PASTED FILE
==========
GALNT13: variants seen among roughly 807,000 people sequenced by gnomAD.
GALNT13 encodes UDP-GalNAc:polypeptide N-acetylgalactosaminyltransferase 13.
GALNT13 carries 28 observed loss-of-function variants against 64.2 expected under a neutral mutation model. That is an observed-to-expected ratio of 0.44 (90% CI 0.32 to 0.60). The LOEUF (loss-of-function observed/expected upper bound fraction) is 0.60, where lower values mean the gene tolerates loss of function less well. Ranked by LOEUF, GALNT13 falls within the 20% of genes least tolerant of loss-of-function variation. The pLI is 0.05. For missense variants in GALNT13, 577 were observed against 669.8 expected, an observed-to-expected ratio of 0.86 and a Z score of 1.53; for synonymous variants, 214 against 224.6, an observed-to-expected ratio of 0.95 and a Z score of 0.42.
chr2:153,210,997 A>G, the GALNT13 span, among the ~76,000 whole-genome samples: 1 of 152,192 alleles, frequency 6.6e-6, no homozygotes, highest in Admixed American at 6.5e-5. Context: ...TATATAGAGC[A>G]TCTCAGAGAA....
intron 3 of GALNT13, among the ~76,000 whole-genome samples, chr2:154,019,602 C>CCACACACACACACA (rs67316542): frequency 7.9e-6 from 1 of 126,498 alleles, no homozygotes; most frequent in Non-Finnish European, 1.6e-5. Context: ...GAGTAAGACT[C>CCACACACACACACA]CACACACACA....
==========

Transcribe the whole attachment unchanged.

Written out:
GALNT13: variants seen among roughly 807,000 people sequenced by gnomAD.
GALNT13 encodes UDP-GalNAc:polypeptide N-acetylgalactosaminyltransferase 13.
GALNT13 carries 28 observed loss-of-function variants against 64.2 expected under a neutral mutation model. That is an observed-to-expected ratio of 0.44 (90% CI 0.32 to 0.60). The LOEUF (loss-of-function observed/expected upper bound fraction) is 0.60, where lower values mean the gene tolerates loss of function less well. Ranked by LOEUF, GALNT13 falls within the 20% of genes least tolerant of loss-of-function variation. The pLI is 0.05. For missense variants in GALNT13, 577 were observed against 669.8 expected, an observed-to-expected ratio of 0.86 and a Z score of 1.53; for synonymous variants, 214 against 224.6, an observed-to-expected ratio of 0.95 and a Z score of 0.42.
chr2:153,210,997 A>G, the GALNT13 span, among the ~76,000 whole-genome samples: 1 of 152,192 alleles, frequency 6.6e-6, no homozygotes, highest in Admixed American at 6.5e-5. Context: ...TATATAGAGC[A>G]TCTCAGAGAA....
intron 3 of GALNT13, among the ~76,000 whole-genome samples, chr2:154,019,602 C>CCACACACACACACA (rs67316542): frequency 7.9e-6 from 1 of 126,498 alleles, no homozygotes; most frequent in Non-Finnish European, 1.6e-5. Context: ...GAGTAAGACT[C>CCACACACACACACA]CACACACACA....